The verse we will consider today is Matthew 6:34.
Therefore do not worry about tomorrow, for tomorrow will worry about its own things. Sufficient for the day is its own trouble.
This verse is a concluding verse on the subject of worry, which Jesus has been preaching on from the preceding 14 verses (vv. 19-33); hence, He uses the word “therefore” to begin the verse. The verse also extends the teaching. D. Martyn Lloyd-Jones, whom I have been following, says this: “[Jesus adds] an extension of His teaching…In adding this [verse] He carried the teaching [about worry] one step further.”
Here we see that Jesus personalizes worry. In effect, worry seems to have its own power. I would say that worry teams up with the demonic; the demons mean to use worry to overpower us and defeat us. Almost all of us are familiar with what worry does to us. It argues with us and tries to convince us to overthink things, to over-plan for tomorrow. And it has a very active imagination, and it will come up with all kinds of possibilities—things that could happen, troubles! I am a house painter. And when I have a job coming up that I think will be difficult, I tend to want to sit and plan it all out. Some of that wise—I’m not against planning—but when it keeps me up half the night, its not good. I really don’t need that much thought on all the potential problems.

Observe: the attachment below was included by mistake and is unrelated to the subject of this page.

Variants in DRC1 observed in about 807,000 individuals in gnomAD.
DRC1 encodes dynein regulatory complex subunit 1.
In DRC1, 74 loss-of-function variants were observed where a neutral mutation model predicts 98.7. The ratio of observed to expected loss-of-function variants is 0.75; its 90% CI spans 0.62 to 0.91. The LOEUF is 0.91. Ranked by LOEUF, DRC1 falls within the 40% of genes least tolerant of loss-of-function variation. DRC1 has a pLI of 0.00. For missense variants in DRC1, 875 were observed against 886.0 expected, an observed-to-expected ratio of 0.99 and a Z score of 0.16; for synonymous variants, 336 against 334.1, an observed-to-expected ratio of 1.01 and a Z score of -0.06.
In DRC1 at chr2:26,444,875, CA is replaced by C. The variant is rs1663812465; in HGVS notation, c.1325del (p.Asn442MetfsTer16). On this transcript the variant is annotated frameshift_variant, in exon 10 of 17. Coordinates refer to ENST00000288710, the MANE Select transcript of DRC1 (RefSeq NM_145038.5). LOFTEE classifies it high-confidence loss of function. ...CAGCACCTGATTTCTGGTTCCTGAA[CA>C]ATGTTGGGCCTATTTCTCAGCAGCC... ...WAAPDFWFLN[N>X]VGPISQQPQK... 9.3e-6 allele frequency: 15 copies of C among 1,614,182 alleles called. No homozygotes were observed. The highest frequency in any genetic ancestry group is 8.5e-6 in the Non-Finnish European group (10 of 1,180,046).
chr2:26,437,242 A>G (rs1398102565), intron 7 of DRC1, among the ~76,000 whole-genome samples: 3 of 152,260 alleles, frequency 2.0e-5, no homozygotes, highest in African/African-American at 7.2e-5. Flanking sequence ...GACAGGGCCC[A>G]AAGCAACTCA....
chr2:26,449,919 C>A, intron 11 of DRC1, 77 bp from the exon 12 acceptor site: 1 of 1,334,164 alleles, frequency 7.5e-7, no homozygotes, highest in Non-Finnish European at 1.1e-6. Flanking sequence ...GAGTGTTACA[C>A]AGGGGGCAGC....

Jesus here tells us that worrying about the future is futile and achieves nothing. It is pointless because we can’t do anything about it until we get there. We are to live one day at a time, dealing only with the worries of the day—the present. But when we stack onto our present worries tomorrows worries, we are overburdening ourselves for that day; we are lessening our efficiency for that day.
We could look at it this way. God has given us twelve hours in each day. In order to be efficient in doing the tasks for that day, we must learn to concentrate most on that one day, blocking out the past and also the possible future. Oh, I know that it is wise to do some planning and reflecting. But when we have finished doing that—and it shouldn’t take that much time—we must move on and concentrate on the now. And one reason why we should do that is because thoughts on the past and the future are not always reliable. I think it is better to take things (problems) to God in prayer as they arise. It is better to live adventurously, and in faith and obedience.
We should say to ourselves, “Here is a day which is going to bring me a few problems; I will need God’s grace and help along the way.” And we could claim certain promises, like 1 Corinthians10:13:
No temptation has overtaken you but such as is common to man; and God is faithful, who will not allow you to be tempted beyond what you are able, but with the temptation will provide the way of escape also, that you may be able to endure it.
In conclusion, here are one or two thoughts:
Know that worry is always a failure to grasp and apply our faith. We apply it by learning to talk to ourselves and to convince ourselves to live by faith. We could say to ourselves with the Psalmist, “Why are thou cast down, O my soul? Hope in God…” (Ps. 43:5).
Then refuse any anxious thoughts. Faith in God is refusing to think about worrisome things and to set our mind toward God and trust in Him for today.